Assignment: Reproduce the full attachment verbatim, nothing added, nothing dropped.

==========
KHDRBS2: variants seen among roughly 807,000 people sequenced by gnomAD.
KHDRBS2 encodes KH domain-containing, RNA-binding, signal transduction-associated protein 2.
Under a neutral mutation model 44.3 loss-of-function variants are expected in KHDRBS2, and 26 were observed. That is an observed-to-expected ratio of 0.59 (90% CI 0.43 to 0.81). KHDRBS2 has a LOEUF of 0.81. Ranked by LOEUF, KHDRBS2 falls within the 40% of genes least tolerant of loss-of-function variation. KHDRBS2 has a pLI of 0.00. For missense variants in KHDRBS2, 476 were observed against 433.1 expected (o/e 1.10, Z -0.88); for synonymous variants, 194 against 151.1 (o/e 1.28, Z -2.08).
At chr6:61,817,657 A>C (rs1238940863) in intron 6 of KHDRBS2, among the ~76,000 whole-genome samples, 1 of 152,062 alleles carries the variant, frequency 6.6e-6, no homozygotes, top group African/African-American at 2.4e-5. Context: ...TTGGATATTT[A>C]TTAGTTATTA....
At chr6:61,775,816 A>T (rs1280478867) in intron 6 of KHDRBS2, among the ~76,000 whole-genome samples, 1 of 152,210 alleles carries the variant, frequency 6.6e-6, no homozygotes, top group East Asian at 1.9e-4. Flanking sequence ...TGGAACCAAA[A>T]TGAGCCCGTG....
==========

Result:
KHDRBS2: variants seen among roughly 807,000 people sequenced by gnomAD.
KHDRBS2 encodes KH domain-containing, RNA-binding, signal transduction-associated protein 2.
Under a neutral mutation model 44.3 loss-of-function variants are expected in KHDRBS2, and 26 were observed. That is an observed-to-expected ratio of 0.59 (90% CI 0.43 to 0.81). KHDRBS2 has a LOEUF of 0.81. Ranked by LOEUF, KHDRBS2 falls within the 40% of genes least tolerant of loss-of-function variation. KHDRBS2 has a pLI of 0.00. For missense variants in KHDRBS2, 476 were observed against 433.1 expected (o/e 1.10, Z -0.88); for synonymous variants, 194 against 151.1 (o/e 1.28, Z -2.08).
At chr6:61,817,657 A>C (rs1238940863) in intron 6 of KHDRBS2, among the ~76,000 whole-genome samples, 1 of 152,062 alleles carries the variant, frequency 6.6e-6, no homozygotes, top group African/African-American at 2.4e-5. Context: ...TTGGATATTT[A>C]TTAGTTATTA....
At chr6:61,775,816 A>T (rs1280478867) in intron 6 of KHDRBS2, among the ~76,000 whole-genome samples, 1 of 152,210 alleles carries the variant, frequency 6.6e-6, no homozygotes, top group East Asian at 1.9e-4. Flanking sequence ...TGGAACCAAA[A>T]TGAGCCCGTG....